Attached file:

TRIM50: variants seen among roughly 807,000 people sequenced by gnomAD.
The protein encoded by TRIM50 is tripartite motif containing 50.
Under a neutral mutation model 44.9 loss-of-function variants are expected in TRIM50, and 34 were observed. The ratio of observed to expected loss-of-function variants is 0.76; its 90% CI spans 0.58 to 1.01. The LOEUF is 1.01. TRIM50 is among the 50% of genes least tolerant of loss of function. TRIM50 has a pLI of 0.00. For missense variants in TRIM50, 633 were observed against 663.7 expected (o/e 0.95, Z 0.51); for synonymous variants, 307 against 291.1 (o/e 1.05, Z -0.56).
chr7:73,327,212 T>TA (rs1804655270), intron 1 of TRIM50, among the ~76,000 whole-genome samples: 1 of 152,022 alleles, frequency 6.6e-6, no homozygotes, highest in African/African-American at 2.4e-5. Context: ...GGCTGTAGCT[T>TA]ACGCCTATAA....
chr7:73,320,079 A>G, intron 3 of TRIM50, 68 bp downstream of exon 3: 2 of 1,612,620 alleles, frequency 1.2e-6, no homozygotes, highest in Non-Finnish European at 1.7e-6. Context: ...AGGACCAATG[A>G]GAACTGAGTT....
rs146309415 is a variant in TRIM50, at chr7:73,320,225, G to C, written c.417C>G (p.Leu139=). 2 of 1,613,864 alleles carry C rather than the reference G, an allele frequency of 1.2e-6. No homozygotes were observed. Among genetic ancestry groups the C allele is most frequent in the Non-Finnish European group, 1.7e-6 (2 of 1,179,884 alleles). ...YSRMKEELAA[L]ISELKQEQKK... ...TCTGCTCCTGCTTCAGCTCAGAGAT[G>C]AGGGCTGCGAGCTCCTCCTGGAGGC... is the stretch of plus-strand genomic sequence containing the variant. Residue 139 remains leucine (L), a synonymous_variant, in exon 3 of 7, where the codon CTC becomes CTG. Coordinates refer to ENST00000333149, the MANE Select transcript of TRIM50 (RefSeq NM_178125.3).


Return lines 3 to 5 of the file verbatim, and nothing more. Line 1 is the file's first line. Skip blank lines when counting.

Under a neutral mutation model 44.9 loss-of-function variants are expected in TRIM50, and 34 were observed. The ratio of observed to expected loss-of-function variants is 0.76; its 90% CI spans 0.58 to 1.01. The LOEUF is 1.01. TRIM50 is among the 50% of genes least tolerant of loss of function. TRIM50 has a pLI of 0.00. For missense variants in TRIM50, 633 were observed against 663.7 expected (o/e 0.95, Z 0.51); for synonymous variants, 307 against 291.1 (o/e 1.05, Z -0.56).
chr7:73,327,212 T>TA (rs1804655270), intron 1 of TRIM50, among the ~76,000 whole-genome samples: 1 of 152,022 alleles, frequency 6.6e-6, no homozygotes, highest in African/African-American at 2.4e-5. Context: ...GGCTGTAGCT[T>TA]ACGCCTATAA....
chr7:73,320,079 A>G, intron 3 of TRIM50, 68 bp downstream of exon 3: 2 of 1,612,620 alleles, frequency 1.2e-6, no homozygotes, highest in Non-Finnish European at 1.7e-6. Context: ...AGGACCAATG[A>G]GAACTGAGTT....